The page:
DETROIT -- During his pregame warmup on Saturday, Francisco Liriano could feel something was wrong."The more I threw, it was getting worse," he said.Still, Liriano tried to tough it out before exiting with neck tightness in the third inning of an 11-1 loss to the Tigers. Now a Blue Jays
DETROIT -- During his pregame warmup on Saturday, Francisco Liriano could feel something was wrong.
"The more I threw, it was getting worse," he said.
Still, Liriano tried to tough it out before exiting with neck tightness in the third inning of an 11-1 loss to the Tigers. Now a Blue Jays rotation that appeared to be back intact with Aaron Sanchez's sharp start on Friday is at risk of cracking again. Liriano was scheduled to see a doctor before Sunday's game, but the severity of his injury is still unknown.
"Just feels really sore and tight," said Liriano, who shifted his shoulders to face media members because he couldn't turn his head to the right. "I have no idea what it is. Just wait for the doctor to see what's going on."
To compensate for the stiffness that grew with every pitch, Liriano resorted to spinning off his right foot, his plant foot, as he delivered pitches. So instead of allowing his neck to turn on its own as he followed through to the plate, his whole body swung to the right.
It wasn't an effective coping mechanism, as he racked up 15 balls in 17 pitches (including three walks) to start the third before he was removed.
"I had to spin to avoid the pain," he said.
Liriano tried to sleep Saturday night, to no avail. He said he's had neck pain before, but not like this, where the pain shot down his right shoulder and upper back and gave him headaches.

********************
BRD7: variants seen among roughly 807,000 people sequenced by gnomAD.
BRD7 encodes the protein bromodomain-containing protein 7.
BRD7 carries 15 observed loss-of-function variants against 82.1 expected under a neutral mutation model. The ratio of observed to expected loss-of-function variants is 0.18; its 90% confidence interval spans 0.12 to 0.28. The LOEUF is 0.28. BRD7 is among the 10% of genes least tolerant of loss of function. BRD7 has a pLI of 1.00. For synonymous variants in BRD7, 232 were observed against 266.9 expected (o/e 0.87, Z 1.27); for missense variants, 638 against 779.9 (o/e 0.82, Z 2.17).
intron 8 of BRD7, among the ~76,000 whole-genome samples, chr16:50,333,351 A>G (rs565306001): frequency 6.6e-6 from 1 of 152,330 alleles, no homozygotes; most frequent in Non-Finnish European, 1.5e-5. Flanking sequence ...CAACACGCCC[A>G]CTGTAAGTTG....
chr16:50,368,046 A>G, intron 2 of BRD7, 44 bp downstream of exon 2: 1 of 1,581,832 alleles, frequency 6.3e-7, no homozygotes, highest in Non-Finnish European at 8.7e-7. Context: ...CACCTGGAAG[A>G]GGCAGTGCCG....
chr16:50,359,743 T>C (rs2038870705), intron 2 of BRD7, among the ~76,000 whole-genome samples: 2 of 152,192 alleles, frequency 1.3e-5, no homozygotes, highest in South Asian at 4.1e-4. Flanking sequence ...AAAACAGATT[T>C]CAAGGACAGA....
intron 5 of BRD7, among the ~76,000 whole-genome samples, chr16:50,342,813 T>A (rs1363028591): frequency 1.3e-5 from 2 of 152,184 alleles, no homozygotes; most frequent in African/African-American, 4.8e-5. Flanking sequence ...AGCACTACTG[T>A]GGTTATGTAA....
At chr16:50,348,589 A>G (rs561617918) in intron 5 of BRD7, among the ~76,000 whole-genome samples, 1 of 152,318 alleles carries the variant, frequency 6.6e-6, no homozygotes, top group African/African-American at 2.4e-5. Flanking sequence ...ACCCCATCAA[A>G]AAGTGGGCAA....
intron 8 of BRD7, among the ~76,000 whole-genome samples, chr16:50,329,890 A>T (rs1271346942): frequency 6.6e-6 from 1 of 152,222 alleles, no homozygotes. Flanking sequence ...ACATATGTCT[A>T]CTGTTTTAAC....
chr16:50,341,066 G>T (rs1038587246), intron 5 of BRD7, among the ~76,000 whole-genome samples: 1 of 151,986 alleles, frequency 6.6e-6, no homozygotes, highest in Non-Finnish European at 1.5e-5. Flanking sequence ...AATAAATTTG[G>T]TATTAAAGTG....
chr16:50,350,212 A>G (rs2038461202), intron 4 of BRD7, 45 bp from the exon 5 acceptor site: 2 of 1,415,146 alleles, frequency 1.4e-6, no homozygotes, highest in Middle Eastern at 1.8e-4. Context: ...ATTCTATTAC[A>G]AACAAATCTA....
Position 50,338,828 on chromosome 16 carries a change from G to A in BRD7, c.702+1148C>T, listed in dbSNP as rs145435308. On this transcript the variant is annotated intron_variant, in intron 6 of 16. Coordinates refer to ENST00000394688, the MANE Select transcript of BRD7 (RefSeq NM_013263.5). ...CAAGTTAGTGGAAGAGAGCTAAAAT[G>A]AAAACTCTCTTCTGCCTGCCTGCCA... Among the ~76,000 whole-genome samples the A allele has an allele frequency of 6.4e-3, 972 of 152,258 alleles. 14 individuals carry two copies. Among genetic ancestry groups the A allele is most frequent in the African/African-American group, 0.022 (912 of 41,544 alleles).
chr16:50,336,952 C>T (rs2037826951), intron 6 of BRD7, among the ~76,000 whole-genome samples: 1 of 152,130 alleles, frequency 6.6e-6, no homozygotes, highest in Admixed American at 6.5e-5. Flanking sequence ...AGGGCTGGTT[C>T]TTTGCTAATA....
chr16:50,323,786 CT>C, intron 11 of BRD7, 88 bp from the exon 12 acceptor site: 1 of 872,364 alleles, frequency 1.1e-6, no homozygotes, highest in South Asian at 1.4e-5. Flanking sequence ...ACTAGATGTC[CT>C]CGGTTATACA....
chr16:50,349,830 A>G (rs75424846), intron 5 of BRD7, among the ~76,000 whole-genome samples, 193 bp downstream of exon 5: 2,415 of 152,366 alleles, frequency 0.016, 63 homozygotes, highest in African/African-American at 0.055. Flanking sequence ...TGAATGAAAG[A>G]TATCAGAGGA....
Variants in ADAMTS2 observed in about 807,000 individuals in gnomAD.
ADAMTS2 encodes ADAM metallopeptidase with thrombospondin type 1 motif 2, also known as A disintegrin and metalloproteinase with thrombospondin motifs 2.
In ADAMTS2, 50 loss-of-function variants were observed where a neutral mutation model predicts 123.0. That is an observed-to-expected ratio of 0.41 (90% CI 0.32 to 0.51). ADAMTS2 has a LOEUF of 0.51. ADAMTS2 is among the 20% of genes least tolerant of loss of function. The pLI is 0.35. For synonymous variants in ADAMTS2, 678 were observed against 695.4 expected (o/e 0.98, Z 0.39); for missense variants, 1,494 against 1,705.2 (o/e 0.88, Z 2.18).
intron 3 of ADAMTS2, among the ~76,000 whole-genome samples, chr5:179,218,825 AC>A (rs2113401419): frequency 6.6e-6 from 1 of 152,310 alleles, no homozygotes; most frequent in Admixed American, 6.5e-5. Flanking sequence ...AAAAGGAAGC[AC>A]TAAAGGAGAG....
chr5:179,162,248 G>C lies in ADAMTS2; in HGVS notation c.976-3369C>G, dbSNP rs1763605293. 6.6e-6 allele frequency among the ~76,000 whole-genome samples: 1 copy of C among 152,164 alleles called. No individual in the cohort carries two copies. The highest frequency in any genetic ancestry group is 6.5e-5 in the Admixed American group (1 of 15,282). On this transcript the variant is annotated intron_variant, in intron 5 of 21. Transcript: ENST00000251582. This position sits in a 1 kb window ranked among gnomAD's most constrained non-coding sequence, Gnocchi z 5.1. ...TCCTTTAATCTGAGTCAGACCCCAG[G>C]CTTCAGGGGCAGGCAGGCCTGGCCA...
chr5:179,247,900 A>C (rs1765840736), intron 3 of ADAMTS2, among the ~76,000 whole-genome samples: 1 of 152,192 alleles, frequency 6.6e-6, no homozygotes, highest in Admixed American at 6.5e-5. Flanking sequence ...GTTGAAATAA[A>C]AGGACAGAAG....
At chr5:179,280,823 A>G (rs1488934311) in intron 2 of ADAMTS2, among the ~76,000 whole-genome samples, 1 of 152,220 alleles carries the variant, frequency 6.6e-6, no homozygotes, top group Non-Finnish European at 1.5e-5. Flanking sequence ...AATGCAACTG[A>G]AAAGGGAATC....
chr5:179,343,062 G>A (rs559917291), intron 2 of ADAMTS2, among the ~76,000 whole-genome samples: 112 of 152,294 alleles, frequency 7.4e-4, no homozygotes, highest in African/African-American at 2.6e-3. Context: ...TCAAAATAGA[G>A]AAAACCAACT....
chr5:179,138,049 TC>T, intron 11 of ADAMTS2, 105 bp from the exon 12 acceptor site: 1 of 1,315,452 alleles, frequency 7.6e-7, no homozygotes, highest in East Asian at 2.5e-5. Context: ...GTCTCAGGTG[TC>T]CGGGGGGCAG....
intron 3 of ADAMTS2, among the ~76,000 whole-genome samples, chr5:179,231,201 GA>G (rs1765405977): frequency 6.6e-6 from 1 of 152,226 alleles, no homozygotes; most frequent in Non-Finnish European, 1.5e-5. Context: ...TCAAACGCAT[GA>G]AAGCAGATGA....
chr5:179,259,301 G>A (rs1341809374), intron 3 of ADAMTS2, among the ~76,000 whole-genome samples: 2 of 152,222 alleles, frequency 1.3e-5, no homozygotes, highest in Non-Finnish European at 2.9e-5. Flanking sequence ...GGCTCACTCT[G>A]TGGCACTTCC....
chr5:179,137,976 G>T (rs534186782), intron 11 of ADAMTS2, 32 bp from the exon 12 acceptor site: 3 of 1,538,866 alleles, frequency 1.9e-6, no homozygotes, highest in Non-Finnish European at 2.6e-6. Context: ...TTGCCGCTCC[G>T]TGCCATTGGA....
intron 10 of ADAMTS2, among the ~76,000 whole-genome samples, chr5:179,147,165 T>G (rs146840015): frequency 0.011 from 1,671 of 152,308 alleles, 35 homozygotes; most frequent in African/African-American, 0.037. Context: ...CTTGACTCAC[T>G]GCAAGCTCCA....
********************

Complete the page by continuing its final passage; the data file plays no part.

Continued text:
He also clarified that his current pain is unrelated to the left shoulder inflammation that caused him to miss a few starts in May, since that injury didn't have any effect on his right side. Liriano said he isn't thinking about his next start, tentatively scheduled for Thursday in Boston, just yet.
"A couple more days," Liriano said. "We'll see how it feels tomorrow and just go from there."
• Blue Jays manager John Gibbons said Saturday night that if Sunday's game were to unravel quickly on starter Marco Estrada, reliever Lucas Harrell would likely be handed the lengthy middle relief role. Harrell is one of six relievers who has seen action in the weekend series already, but having made 71 career starts, he has the ability to be stretched out.
• After outfielder Michael Saunders hit a career-high 24 home runs for the Blue Jays last season, Toronto probably hoped he'd be ready for similar success when the team signed him to a Minor League contract at the end of June. Instead, he's still toiling in Triple-A Buffalo, batting 6-for-46 (.130) with one RBI in 12 games.
Jordan Horrobin is a reporter for MLB.com based in Detroit and covered the Blue Jays on Sunday.